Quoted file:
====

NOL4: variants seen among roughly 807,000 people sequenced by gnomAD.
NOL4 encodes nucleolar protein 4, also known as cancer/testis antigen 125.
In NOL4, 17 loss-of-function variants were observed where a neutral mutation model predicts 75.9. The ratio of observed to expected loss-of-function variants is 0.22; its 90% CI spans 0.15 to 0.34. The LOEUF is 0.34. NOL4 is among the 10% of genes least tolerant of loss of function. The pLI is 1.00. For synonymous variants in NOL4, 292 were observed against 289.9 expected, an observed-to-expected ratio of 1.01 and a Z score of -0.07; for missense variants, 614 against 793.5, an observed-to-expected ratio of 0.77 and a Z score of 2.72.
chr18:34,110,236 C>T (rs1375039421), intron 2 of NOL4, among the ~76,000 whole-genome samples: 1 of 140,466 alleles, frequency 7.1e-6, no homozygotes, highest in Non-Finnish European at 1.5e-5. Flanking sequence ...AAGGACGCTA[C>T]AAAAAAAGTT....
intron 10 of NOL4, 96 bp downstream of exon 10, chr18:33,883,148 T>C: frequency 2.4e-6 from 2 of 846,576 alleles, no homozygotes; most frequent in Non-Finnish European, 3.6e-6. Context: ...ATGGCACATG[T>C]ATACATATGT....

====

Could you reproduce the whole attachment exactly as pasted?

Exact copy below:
NOL4: variants seen among roughly 807,000 people sequenced by gnomAD.
NOL4 encodes nucleolar protein 4, also known as cancer/testis antigen 125.
In NOL4, 17 loss-of-function variants were observed where a neutral mutation model predicts 75.9. The ratio of observed to expected loss-of-function variants is 0.22; its 90% CI spans 0.15 to 0.34. The LOEUF is 0.34. NOL4 is among the 10% of genes least tolerant of loss of function. The pLI is 1.00. For synonymous variants in NOL4, 292 were observed against 289.9 expected, an observed-to-expected ratio of 1.01 and a Z score of -0.07; for missense variants, 614 against 793.5, an observed-to-expected ratio of 0.77 and a Z score of 2.72.
chr18:34,110,236 C>T (rs1375039421), intron 2 of NOL4, among the ~76,000 whole-genome samples: 1 of 140,466 alleles, frequency 7.1e-6, no homozygotes, highest in Non-Finnish European at 1.5e-5. Flanking sequence ...AAGGACGCTA[C>T]AAAAAAAGTT....
intron 10 of NOL4, 96 bp downstream of exon 10, chr18:33,883,148 T>C: frequency 2.4e-6 from 2 of 846,576 alleles, no homozygotes; most frequent in Non-Finnish European, 3.6e-6. Context: ...ATGGCACATG[T>C]ATACATATGT....